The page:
I made the gravest decision anyone can make and gave the irrevocable approval to end his life. I hung up the phone and headed for the privacy of the office with a look on my face that I’m sure my service clerk had never seen on me before. Thirty miles away, a candle was being lit in the waiting room of All Friends Animal Hospital as all present were asked to observe a moment of silence for my dog.


In the end, the guilt is the worst. I had been frustrated with Rufus of late as he became increasingly high maintenance. I’m not particularly well-suited to being a caretaker. I don’t have the patience. I got annoyed when he wouldn’t come inside, when he would just stand sheepishly and stare, when he’d be overly willful. It got tiresome taking him out to pee so often (he drank tons of water, probably due to the meds he was on), especially after a long day at work when the introvert in me demanded some down time. But I didn’t know how bad he was feeling, and he couldn’t tell me. I wish I had been more understanding, but in truth, I probably had the patience of a saint with him. How could you not when he was so damn cute?

Overall, was I a good master? I rarely took him for walks, though his Grampa did, and he loved it. I was pretty selfish by nature, yet he always licked my face when I carried him, upside-down and cradled in my arms, into the house every night and whispered in his ear. It was our daily bonding moment. I had adopted him five years ago when he was ten, an aging rescue dog who I figured would be fairly lethargic and generally low-maintenance. Instead, he was relatively active and craved constant companionship. Since I live alone and work full-time, this was a problem. However, thanks to my retired parents, he was very rarely by himself. So I know we gave him a good life, even if I didn’t particularly like walking around the neighborhood as much as he did. I compromised by fencing in the yard for him, and he loved to lay out on the deck in the sunshine and survey his adopted domain. Maybe this new guy’s alright, he seemed to be thinking. I’m think I’m going to like it here.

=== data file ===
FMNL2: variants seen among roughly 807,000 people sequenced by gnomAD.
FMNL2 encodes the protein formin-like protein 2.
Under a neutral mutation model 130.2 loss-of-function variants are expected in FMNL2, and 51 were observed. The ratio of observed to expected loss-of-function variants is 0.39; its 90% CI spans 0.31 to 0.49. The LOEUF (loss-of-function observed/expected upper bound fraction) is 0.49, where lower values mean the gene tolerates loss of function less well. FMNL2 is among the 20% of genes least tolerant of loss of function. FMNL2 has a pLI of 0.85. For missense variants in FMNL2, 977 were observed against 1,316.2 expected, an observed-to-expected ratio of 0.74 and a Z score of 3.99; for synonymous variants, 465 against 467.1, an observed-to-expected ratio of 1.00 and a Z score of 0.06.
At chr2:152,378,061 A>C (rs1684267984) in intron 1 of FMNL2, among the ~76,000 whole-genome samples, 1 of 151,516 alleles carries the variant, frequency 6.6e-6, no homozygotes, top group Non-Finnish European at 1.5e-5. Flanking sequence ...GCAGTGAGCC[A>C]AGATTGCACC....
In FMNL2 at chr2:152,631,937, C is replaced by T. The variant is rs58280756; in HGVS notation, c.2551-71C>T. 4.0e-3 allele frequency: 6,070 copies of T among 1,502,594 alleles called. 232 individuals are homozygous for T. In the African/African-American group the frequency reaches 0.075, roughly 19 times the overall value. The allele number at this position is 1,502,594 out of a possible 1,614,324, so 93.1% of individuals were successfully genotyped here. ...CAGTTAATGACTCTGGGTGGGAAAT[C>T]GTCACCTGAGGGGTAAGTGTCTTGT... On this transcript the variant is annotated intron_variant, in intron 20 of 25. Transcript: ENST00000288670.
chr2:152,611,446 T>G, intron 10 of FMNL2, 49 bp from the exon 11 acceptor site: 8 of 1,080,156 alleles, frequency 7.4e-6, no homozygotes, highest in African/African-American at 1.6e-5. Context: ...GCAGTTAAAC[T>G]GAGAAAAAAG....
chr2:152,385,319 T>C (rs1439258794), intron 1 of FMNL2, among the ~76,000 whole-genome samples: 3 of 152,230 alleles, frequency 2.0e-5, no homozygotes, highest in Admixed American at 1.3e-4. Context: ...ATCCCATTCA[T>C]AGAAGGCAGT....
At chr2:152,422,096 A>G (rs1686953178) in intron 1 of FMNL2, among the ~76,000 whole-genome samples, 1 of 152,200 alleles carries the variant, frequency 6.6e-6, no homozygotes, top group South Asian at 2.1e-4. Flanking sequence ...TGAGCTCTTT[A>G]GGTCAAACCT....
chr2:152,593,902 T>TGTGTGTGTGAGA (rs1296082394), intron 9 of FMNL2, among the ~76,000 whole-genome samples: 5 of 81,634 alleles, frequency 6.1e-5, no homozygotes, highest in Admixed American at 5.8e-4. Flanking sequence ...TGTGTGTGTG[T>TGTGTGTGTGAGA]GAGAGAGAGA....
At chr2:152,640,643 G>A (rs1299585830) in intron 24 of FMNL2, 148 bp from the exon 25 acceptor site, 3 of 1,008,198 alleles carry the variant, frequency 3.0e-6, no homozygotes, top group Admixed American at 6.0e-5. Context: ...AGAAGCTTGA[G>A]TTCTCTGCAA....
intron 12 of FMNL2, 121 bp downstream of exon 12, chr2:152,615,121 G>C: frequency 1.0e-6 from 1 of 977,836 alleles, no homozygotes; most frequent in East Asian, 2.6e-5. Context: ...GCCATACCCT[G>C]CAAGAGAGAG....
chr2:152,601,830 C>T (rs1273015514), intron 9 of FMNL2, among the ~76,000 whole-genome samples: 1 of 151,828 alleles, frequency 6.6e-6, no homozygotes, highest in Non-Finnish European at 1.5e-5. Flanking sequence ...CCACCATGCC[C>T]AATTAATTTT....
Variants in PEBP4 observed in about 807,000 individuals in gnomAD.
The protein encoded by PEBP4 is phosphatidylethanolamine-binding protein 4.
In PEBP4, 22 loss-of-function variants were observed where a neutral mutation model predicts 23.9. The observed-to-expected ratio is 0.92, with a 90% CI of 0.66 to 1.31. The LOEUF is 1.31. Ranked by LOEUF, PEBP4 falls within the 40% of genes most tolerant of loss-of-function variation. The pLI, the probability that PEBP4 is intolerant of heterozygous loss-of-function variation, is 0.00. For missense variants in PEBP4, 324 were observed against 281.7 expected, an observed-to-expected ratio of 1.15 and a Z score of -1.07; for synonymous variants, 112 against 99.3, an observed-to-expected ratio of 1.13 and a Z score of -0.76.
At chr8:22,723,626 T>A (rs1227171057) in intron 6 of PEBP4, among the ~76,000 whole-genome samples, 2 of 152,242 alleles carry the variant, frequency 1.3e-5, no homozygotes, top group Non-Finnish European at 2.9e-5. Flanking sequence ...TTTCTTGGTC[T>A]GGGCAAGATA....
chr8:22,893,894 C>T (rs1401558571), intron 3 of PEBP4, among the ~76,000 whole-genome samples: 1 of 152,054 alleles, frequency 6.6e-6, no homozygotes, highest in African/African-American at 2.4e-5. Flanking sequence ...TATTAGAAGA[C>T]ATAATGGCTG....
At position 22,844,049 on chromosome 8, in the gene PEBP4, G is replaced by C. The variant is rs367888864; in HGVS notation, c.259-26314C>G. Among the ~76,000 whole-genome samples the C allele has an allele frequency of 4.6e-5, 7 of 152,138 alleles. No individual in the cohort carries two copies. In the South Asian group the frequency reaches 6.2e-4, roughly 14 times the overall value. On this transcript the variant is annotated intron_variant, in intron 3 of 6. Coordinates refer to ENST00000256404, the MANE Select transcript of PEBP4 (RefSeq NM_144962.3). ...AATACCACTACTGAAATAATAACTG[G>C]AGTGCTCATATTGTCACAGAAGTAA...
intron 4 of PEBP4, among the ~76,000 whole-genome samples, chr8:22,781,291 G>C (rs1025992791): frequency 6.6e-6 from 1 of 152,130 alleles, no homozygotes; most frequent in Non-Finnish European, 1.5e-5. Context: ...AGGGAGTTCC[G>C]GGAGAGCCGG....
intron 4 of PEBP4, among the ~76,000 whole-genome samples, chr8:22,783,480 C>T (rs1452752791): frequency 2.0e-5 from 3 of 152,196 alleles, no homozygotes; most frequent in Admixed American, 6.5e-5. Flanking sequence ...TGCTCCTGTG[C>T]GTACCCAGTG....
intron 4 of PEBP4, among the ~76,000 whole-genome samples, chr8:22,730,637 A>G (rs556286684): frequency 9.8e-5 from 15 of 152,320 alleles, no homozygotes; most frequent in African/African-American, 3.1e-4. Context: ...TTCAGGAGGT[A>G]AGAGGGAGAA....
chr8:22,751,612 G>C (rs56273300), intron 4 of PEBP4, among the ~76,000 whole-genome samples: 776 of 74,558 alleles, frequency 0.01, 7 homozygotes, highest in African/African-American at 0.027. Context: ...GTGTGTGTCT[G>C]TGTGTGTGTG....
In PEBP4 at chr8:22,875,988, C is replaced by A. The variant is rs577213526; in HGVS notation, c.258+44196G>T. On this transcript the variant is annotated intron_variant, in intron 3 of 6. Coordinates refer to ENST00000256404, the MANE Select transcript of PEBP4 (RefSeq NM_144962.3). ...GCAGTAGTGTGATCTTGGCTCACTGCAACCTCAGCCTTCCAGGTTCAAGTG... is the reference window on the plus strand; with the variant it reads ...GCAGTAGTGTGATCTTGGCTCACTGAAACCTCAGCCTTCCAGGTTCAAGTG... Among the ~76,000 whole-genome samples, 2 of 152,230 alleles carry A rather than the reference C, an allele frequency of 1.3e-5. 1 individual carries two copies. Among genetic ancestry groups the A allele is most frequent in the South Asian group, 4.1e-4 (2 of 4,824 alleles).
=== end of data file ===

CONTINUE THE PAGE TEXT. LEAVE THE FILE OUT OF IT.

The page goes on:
Rufus bandana lying

The house screams with stillness tonight, and everything looks different. The dog paraphernalia seems to be everywhere, and nothing else holds any meaning. His absence transforms the place from being a home to just a house, a building filled with stuff. It was only me and him here, and my daily routine (and that of my folks) revolved around him heavily. Every day I dropped him off at day care before work (their house), and then picked him up again at night. On my ten-hour days this was not always convenient, yet it was hours after his death before I even realized that this was no longer a stop I had to make. There would be no sleepy dog to help in to the back seat of the car any longer.

The pill bottles. The toys he rarely played with but that I kept buying him anyway. His pictures covering the refrigerator door. The empty yogurt container on the bedroom floor. The echoes of my long-suffering companion’s existence shout from every corner. I can’t yet bring myself to read the many caring condolences of friends on Facebook, where Rufus had his own page and would make wry doggie observations from time to time. When I posted the news of his passing on my own page – probably the hardest thing I did all day – I said that there were no words to express my feelings. Turns out, I had that backwards. Rufus is the one who expressed his feelings without words, often in the appreciative fashion shown below.


Remember What Has Passed Between Us

“Remember what has passed between us.”

Jacob Marley to Ebeneezer Scrooge, A Christmas Carol, 1843